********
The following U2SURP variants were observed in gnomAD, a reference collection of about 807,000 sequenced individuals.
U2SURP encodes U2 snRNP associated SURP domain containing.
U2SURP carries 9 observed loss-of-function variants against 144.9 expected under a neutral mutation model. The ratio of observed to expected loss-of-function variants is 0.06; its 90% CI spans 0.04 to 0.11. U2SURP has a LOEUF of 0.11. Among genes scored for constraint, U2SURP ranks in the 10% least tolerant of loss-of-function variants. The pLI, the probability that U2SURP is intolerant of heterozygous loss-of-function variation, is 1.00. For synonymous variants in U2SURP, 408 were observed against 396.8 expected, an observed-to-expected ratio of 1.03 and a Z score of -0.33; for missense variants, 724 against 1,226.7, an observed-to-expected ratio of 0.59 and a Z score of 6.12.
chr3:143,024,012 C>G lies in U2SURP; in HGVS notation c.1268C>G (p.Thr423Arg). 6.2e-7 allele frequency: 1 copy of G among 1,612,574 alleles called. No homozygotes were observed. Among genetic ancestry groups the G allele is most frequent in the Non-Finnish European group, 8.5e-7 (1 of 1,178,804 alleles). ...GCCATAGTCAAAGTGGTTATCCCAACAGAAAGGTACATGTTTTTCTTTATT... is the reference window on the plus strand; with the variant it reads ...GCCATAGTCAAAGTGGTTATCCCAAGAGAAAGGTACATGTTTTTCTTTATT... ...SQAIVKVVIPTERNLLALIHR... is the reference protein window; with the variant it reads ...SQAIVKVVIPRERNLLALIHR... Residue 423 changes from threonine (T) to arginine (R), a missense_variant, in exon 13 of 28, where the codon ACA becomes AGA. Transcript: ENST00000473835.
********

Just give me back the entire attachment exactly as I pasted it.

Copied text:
The following U2SURP variants were observed in gnomAD, a reference collection of about 807,000 sequenced individuals.
U2SURP encodes U2 snRNP associated SURP domain containing.
U2SURP carries 9 observed loss-of-function variants against 144.9 expected under a neutral mutation model. The ratio of observed to expected loss-of-function variants is 0.06; its 90% CI spans 0.04 to 0.11. U2SURP has a LOEUF of 0.11. Among genes scored for constraint, U2SURP ranks in the 10% least tolerant of loss-of-function variants. The pLI, the probability that U2SURP is intolerant of heterozygous loss-of-function variation, is 1.00. For synonymous variants in U2SURP, 408 were observed against 396.8 expected, an observed-to-expected ratio of 1.03 and a Z score of -0.33; for missense variants, 724 against 1,226.7, an observed-to-expected ratio of 0.59 and a Z score of 6.12.
chr3:143,024,012 C>G lies in U2SURP; in HGVS notation c.1268C>G (p.Thr423Arg). 6.2e-7 allele frequency: 1 copy of G among 1,612,574 alleles called. No homozygotes were observed. Among genetic ancestry groups the G allele is most frequent in the Non-Finnish European group, 8.5e-7 (1 of 1,178,804 alleles). ...GCCATAGTCAAAGTGGTTATCCCAACAGAAAGGTACATGTTTTTCTTTATT... is the reference window on the plus strand; with the variant it reads ...GCCATAGTCAAAGTGGTTATCCCAAGAGAAAGGTACATGTTTTTCTTTATT... ...SQAIVKVVIPTERNLLALIHR... is the reference protein window; with the variant it reads ...SQAIVKVVIPRERNLLALIHR... Residue 423 changes from threonine (T) to arginine (R), a missense_variant, in exon 13 of 28, where the codon ACA becomes AGA. Transcript: ENST00000473835.